It’s somewhat maddening that Cooper can’t get the 150-plus targets that some do, as he’s continually one of the most efficient receivers in the league. Did you know Michael Gallup averaged more targets per game than Cooper last year? Cooper’s injury may have played into that but it didn’t stop him from being one of the best in the league. Based on the number of his targets and where they took place on the field, Cooper should’ve finished as the No. 23 wide receiver, and not the No. 9 receiver he did. In fact, he was the only receiver in the league who scored 20-plus more fantasy points than he was expected to in both the red zone and outside the red zone. The addition of CeeDee Lamb isn’t going to make getting targets any easier for Cooper, who’s now seen 195 targets in 25 games with the Cowboys. Because he’s not getting the gaudy numbers that some are, Cooper should be considered a semi-volatile WR2 in fantasy who has more WR1 upside than most on a weekly basis. If Cooper were to get 150 targets, I have zero doubts that he’d finish as a top-three receiver, but as we’ve seen, that just doesn’t happen.
30. James Conner (RB – PIT)
The Steelers are likely to run 120-plus more plays than they did last year with him under center. This is great for all parties involved, even the running backs. The team went from a 67.2 percent pass-rate to just 57.8 last year, which did allow the running backs to get more opportunities in general, but they weren’t as important because they were predictable. Despite totaling 44 more carries than they did in 2018, the running backs totaled 27 fewer yards and six fewer touchdowns. Mike Tomlin has already come out and said that Conner will be the workhorse of the team, and while on the field, he’s been an RB1. If he’s on the field, he’s in your lineup no matter what. I’m good taking him at the end of the third if you want him. We know the risk, but the reward is worth it.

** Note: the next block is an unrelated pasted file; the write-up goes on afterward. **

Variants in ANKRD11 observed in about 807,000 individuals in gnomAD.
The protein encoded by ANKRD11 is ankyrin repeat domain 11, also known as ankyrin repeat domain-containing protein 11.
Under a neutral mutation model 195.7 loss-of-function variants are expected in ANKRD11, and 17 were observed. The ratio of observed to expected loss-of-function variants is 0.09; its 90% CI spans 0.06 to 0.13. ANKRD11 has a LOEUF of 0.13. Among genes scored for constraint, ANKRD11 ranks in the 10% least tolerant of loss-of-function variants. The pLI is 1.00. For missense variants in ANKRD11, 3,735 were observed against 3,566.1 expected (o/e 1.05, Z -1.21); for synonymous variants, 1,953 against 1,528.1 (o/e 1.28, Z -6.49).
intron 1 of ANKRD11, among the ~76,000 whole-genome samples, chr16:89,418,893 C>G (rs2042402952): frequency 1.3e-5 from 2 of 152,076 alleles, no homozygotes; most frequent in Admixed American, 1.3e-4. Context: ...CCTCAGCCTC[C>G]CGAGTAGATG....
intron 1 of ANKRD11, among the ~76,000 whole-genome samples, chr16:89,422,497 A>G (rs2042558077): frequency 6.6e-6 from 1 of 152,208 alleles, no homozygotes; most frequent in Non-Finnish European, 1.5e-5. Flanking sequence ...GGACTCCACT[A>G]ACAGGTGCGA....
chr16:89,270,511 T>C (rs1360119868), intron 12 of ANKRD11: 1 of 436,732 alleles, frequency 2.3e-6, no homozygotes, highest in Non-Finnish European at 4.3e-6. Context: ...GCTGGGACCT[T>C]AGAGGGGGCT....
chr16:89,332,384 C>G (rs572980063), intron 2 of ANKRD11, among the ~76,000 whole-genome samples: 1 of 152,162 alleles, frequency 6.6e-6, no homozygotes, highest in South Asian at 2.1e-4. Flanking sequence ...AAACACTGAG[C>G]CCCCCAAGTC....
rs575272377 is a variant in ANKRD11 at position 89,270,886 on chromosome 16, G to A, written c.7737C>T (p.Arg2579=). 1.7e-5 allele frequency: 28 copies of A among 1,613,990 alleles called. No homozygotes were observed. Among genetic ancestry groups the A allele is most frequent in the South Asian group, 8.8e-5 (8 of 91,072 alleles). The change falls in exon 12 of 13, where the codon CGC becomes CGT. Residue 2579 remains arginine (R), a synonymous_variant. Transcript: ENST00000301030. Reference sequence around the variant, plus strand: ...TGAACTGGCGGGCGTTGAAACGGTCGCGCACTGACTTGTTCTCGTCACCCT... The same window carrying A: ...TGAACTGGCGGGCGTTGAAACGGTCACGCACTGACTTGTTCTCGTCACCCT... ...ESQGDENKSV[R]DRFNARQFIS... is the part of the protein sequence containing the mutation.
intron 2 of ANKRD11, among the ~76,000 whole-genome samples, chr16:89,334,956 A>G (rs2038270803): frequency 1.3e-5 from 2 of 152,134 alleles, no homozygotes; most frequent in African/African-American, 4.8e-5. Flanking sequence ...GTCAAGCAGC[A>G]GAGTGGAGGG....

31. Mike Evans (WR – TB)
There are a lot of people who’ll point out the fact that Evans finished as a WR1 in 2019 despite missing three games. Well, I hate to break it to you, but he was not a WR1 in terms that actually matter to you, the fantasy player. Despite averaging an elite 9.1 targets per game, Evans posted WR2 or better-type numbers in just 38.5 percent of his games. That ranked 28th among wide receivers. Seriously, guys like Sterling Shepard, Cole Beasley, and Jamison Crowder had higher percentages. Now you take away Jameis Winston, someone who was more than willing to throw the ball into tight coverage all the time, and swap him with one of the most risk averse quarterbacks in football? Evans’ 2.4 yards of separation at target was one of the worst marks among wide receivers, and while it doesn’t tell the full story, those who watch Evans knows he uses his body extremely well to box out defenders rather than gain multiple yards of separation with precision route running. Look, he’s still a good player who’s totaled at least 1,000 yards in each of his first six NFL seasons, so I’m not completely writing him off, though it does help that he’s seen at least 8.7 targets per game over the last five years. I don’t think Brady is as bad as some think at throwing the deep ball anymore, I just don’t think he does it nearly as often as Winston did/was willing to. I’m expecting a slight dip in targets and less air yards, which in turn, equals less production for a player like Evans. It’s not bad if you land him as your WR2, but I wouldn’t recommend him as a WR1.
32. Todd Gurley (RB – ATL)
After being cut by the Rams, the Falcons moved quickly, signing Gurley to a one-year, prove-it deal. The downside is that Dirk Koetter seems to continually destroy the fantasy value of his running backs. Since 2012, Koetter has coordinated or coached eight different teams. Just one of them finished better than No. 24 in rushing yards. Just two of them finished better than No. 22 in rushing attempts. Gurley’s knee is a question mark, though it’s been for years. Many talk about his arthritis, but he’s had that since college when he originally had it surgically repaired. As time goes on, it’ll get worse, which is why he’s falling in drafts. But playing for the Falcons, an offense that is very likely to finish top-12 in scoring (none of Koetter’s teams over the last eight years have finished outside the top-20), Gurley’s chances to be an impact fantasy running back go way up (check out this piece I did on team scoring and what it means). There are a lot of question marks and boring players going in his area of drafts, so give me the upside he presents if he stays healthy.